Since the summer of 1999, more than $150 million has been invested in housing, after-school programs, charter schools, public park improvements, affordable housing units, and an overall improvement in the quality of life.

The Soulsville Towne Center went up in 2009. In her essay “After Stax,” in the soon-to-be-released book “An Unseen Light,” Dr. Zandria F. Robinson said it never met its goals: “It was supposed to be another anchor for the neighborhood and to house businesses, offices and services for the community’s most vulnerable residents.”

Six years later, the Soulsville Towne Center was auction property bought by a filmmaking philanthropist Tom Shadyac and, writes Robinson, some residents steadfastly believe the LeMoyne-Owen Community Development Corporation was shut out of the auction process. Many of the longtime area residents were wary of “a new era of gentrification (as opposed to revitalization) in their neighborhood – one that would likely displace many poor people and threaten some of the more stable residents as well.”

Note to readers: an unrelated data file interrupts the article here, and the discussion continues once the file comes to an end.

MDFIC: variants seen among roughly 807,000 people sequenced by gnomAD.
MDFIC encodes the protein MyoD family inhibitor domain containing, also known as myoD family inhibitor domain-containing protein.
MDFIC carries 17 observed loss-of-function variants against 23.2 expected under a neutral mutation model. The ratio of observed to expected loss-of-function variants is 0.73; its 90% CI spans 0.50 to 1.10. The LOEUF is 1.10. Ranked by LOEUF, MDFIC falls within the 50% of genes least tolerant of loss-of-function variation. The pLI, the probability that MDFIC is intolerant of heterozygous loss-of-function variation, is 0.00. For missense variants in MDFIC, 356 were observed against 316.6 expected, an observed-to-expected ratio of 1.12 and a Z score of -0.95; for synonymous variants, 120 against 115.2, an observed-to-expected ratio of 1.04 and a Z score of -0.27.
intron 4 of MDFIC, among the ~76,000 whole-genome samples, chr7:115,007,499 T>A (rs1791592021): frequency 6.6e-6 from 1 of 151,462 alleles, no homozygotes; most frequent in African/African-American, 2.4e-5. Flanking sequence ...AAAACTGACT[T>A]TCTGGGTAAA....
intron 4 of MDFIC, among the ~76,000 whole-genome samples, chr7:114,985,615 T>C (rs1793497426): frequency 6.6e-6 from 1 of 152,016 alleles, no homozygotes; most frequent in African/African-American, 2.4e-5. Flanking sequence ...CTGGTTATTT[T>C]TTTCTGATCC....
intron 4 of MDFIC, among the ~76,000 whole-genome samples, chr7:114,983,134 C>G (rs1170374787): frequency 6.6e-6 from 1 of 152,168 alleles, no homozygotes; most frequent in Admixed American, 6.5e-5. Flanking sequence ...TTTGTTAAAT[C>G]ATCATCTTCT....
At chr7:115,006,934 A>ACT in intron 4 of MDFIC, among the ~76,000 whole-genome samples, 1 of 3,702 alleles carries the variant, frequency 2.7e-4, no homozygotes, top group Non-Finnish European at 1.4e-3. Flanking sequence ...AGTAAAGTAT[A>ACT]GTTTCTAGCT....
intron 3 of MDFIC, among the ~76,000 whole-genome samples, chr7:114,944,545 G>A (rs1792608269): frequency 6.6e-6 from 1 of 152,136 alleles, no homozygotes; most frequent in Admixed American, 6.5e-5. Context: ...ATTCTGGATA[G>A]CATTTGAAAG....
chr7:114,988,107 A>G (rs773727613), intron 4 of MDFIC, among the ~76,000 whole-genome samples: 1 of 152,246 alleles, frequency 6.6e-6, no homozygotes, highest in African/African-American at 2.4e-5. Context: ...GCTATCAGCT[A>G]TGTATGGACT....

Higgs said, “We were not shut out, just out-bidded by what many thought was not a fair process. The real cause of the failure of this project was the financial crisis that hit America, failed promises by then-city leaders, a grocery tenant who went bankrupt from the closing date during construction and other tenants who also did not – and could not – withstand the financial crisis that affected America.

Wachovia bank never would have closed the deal and lent $7 million if the development group had not been 75 percent lease committed at closing, he said.

“We actually had the remaining 30 percent with pending leasing commitments that would have occurred. How could a small non-profit developer hold on when Donald Trump himself filed bankruptcy during that time?”